Ciudades horno

COPENHAGUE – Actualmente se puede ver lo que el calentamiento global le hará a la larga al planeta. Para asomarnos al futuro, basta ir a Beijing, Atenas, Tokio, o, de hecho, a casi cualquier ciudad de la Tierra.

La mayor parte de las zonas urbanas del mundo ya han experimentado aumentos de la temperatura mucho más drásticos que los 2.6°C previstos para los próximos cien años a causa del calentamiento global.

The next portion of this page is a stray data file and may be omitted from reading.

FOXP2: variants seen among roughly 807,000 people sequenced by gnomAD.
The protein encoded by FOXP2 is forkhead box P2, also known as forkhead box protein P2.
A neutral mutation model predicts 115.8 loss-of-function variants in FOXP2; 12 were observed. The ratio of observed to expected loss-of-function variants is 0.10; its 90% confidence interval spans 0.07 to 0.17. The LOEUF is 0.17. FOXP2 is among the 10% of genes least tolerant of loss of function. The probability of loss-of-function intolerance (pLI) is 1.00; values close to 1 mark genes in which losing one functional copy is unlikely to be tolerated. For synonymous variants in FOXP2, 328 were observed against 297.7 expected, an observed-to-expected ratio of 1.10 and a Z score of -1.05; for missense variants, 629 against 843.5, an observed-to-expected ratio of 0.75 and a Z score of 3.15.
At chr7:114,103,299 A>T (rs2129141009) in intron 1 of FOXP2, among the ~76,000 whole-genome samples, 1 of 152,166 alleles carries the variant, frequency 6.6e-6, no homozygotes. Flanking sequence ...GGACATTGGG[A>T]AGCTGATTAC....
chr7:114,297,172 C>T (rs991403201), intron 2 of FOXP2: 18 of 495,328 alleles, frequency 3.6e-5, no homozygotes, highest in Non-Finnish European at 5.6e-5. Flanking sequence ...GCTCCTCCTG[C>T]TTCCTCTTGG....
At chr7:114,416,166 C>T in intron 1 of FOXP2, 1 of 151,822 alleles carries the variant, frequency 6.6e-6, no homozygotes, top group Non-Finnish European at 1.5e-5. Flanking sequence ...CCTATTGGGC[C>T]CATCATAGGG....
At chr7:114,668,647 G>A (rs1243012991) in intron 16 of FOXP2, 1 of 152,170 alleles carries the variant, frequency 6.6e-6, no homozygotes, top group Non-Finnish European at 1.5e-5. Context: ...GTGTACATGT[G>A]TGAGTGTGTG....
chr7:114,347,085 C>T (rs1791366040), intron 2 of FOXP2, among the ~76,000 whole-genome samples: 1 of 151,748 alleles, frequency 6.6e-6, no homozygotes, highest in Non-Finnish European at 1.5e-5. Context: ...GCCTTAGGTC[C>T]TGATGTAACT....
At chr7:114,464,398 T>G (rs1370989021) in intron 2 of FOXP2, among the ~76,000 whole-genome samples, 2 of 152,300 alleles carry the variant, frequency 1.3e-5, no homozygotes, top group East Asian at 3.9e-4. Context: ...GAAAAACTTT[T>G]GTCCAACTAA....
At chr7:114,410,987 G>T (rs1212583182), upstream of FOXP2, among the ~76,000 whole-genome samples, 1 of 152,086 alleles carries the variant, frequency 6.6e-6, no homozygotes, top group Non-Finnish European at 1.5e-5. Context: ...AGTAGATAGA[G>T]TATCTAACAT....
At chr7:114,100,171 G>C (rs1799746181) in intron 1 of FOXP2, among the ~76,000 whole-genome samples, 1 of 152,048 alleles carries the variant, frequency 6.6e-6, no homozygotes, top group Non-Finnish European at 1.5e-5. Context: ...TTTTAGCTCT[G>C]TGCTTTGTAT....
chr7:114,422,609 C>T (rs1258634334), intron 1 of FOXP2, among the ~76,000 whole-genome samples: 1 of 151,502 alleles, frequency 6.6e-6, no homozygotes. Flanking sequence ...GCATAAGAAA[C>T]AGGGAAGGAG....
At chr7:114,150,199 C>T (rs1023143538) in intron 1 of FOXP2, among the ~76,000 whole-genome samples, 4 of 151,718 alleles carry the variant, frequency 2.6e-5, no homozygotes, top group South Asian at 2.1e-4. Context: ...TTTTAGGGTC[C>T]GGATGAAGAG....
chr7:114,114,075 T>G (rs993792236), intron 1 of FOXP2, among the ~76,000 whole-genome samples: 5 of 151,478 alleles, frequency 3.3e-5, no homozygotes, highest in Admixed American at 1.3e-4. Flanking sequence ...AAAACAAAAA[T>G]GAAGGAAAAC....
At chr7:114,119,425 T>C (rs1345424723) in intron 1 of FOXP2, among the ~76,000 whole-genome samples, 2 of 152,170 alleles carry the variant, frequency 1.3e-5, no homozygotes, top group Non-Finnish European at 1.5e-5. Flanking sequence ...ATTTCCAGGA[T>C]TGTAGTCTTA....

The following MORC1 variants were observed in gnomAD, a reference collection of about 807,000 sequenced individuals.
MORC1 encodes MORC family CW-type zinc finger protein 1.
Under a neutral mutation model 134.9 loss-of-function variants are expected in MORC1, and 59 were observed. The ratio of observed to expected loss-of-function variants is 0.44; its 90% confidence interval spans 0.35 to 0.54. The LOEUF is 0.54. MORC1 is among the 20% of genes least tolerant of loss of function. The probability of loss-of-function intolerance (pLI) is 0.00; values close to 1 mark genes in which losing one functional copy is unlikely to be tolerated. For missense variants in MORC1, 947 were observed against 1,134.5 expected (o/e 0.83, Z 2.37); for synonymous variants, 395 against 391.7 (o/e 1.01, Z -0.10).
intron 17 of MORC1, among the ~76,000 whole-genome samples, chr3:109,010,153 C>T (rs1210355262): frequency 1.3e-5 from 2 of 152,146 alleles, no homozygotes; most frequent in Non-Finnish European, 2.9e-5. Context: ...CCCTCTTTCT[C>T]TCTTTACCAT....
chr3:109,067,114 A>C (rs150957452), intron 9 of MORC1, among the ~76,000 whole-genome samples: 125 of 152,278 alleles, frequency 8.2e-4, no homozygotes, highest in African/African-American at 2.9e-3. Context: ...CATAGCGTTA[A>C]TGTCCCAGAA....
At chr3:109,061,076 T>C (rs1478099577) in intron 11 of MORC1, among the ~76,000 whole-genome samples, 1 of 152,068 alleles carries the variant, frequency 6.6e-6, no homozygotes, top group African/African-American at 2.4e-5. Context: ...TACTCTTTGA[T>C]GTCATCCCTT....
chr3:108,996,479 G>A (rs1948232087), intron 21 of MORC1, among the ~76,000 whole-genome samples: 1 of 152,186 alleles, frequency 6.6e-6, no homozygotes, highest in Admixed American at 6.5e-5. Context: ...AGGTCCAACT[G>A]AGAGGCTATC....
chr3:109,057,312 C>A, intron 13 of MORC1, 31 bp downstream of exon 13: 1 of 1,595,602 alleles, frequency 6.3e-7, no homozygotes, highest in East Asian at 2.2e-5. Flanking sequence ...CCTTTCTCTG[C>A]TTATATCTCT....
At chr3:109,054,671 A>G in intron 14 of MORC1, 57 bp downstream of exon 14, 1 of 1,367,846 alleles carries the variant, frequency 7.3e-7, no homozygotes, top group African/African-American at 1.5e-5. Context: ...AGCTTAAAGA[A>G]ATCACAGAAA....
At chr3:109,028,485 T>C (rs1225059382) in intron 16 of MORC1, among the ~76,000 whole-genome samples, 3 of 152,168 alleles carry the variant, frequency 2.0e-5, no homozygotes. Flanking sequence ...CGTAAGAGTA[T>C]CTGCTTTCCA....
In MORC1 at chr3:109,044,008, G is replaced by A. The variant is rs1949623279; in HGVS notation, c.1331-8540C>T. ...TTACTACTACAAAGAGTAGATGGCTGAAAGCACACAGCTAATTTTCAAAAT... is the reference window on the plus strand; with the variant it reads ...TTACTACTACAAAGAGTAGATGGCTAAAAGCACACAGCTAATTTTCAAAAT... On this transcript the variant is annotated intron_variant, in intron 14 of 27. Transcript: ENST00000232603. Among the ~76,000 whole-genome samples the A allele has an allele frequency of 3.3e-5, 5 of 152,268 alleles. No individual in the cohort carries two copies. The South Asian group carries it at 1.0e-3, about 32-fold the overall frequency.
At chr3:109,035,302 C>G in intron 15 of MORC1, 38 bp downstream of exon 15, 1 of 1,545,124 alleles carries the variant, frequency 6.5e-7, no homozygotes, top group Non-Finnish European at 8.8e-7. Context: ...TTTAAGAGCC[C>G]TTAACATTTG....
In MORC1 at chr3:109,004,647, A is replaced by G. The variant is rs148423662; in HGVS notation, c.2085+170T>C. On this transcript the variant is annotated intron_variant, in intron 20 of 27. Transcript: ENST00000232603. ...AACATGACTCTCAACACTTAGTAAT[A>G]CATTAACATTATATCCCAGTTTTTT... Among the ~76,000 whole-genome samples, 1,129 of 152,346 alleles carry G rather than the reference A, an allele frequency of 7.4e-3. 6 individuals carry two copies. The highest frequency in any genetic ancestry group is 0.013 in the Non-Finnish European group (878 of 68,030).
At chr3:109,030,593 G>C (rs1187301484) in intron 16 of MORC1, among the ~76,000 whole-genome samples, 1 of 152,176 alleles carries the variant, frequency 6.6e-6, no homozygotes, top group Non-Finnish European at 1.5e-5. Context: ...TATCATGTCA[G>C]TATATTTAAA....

Es muy fácil de comprender. En un día cálido en Nueva York, los habitantes se tienden en el pasto de Central Park, no en los estacionamientos de asfalto ni en las banquetas de concreto. El tabique, el concreto y el asfalto –los elementos básicos de los que están construidas las ciudades—absorben mucho más calor del sol que la vegetación en el campo. En una ciudad hay mucho más asfalto que pasto, por lo que el aire que está encima de la ciudad se calienta. Este efecto, llamado “isla de calor urbano”, se descubrió en Londres a principios del siglo XIX.

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